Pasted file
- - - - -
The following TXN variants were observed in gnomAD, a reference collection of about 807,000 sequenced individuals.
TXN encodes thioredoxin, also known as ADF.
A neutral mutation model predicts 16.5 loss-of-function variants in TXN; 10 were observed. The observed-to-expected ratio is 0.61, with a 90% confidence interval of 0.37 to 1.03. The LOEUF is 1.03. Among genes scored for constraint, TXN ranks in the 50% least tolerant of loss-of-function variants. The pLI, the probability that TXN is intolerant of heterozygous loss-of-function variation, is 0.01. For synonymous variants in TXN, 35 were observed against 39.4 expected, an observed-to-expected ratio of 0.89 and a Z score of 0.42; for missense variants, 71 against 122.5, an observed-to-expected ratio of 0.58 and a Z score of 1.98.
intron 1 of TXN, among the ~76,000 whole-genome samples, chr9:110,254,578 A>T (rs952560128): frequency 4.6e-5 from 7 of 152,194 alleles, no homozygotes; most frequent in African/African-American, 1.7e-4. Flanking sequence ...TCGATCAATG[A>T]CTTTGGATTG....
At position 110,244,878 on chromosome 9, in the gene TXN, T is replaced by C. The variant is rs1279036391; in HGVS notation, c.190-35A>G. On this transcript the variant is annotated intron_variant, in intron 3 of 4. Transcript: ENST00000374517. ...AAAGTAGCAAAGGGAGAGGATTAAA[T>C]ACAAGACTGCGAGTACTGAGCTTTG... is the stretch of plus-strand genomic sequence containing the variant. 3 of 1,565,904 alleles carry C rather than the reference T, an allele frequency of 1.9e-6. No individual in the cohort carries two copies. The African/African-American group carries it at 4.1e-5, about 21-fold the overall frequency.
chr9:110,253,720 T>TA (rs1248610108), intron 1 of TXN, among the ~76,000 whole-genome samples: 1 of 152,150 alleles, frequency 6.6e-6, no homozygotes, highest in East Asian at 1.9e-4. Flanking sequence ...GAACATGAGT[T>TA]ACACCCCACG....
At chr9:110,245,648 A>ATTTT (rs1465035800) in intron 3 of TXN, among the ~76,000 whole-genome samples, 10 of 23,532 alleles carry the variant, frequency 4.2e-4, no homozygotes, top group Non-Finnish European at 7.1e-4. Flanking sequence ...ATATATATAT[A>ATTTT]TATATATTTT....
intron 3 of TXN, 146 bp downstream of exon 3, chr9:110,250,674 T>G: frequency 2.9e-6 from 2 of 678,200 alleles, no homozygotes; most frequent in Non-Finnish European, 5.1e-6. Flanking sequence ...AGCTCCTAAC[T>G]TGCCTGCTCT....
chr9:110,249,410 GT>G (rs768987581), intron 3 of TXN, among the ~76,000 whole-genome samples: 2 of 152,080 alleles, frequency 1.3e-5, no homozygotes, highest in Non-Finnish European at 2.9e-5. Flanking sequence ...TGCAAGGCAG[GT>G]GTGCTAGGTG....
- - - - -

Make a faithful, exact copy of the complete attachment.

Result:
The following TXN variants were observed in gnomAD, a reference collection of about 807,000 sequenced individuals.
TXN encodes thioredoxin, also known as ADF.
A neutral mutation model predicts 16.5 loss-of-function variants in TXN; 10 were observed. The observed-to-expected ratio is 0.61, with a 90% confidence interval of 0.37 to 1.03. The LOEUF is 1.03. Among genes scored for constraint, TXN ranks in the 50% least tolerant of loss-of-function variants. The pLI, the probability that TXN is intolerant of heterozygous loss-of-function variation, is 0.01. For synonymous variants in TXN, 35 were observed against 39.4 expected, an observed-to-expected ratio of 0.89 and a Z score of 0.42; for missense variants, 71 against 122.5, an observed-to-expected ratio of 0.58 and a Z score of 1.98.
intron 1 of TXN, among the ~76,000 whole-genome samples, chr9:110,254,578 A>T (rs952560128): frequency 4.6e-5 from 7 of 152,194 alleles, no homozygotes; most frequent in African/African-American, 1.7e-4. Flanking sequence ...TCGATCAATG[A>T]CTTTGGATTG....
At position 110,244,878 on chromosome 9, in the gene TXN, T is replaced by C. The variant is rs1279036391; in HGVS notation, c.190-35A>G. On this transcript the variant is annotated intron_variant, in intron 3 of 4. Transcript: ENST00000374517. ...AAAGTAGCAAAGGGAGAGGATTAAA[T>C]ACAAGACTGCGAGTACTGAGCTTTG... is the stretch of plus-strand genomic sequence containing the variant. 3 of 1,565,904 alleles carry C rather than the reference T, an allele frequency of 1.9e-6. No individual in the cohort carries two copies. The African/African-American group carries it at 4.1e-5, about 21-fold the overall frequency.
chr9:110,253,720 T>TA (rs1248610108), intron 1 of TXN, among the ~76,000 whole-genome samples: 1 of 152,150 alleles, frequency 6.6e-6, no homozygotes, highest in East Asian at 1.9e-4. Flanking sequence ...GAACATGAGT[T>TA]ACACCCCACG....
At chr9:110,245,648 A>ATTTT (rs1465035800) in intron 3 of TXN, among the ~76,000 whole-genome samples, 10 of 23,532 alleles carry the variant, frequency 4.2e-4, no homozygotes, top group Non-Finnish European at 7.1e-4. Flanking sequence ...ATATATATAT[A>ATTTT]TATATATTTT....
intron 3 of TXN, 146 bp downstream of exon 3, chr9:110,250,674 T>G: frequency 2.9e-6 from 2 of 678,200 alleles, no homozygotes; most frequent in Non-Finnish European, 5.1e-6. Flanking sequence ...AGCTCCTAAC[T>G]TGCCTGCTCT....
chr9:110,249,410 GT>G (rs768987581), intron 3 of TXN, among the ~76,000 whole-genome samples: 2 of 152,080 alleles, frequency 1.3e-5, no homozygotes, highest in Non-Finnish European at 2.9e-5. Flanking sequence ...TGCAAGGCAG[GT>G]GTGCTAGGTG....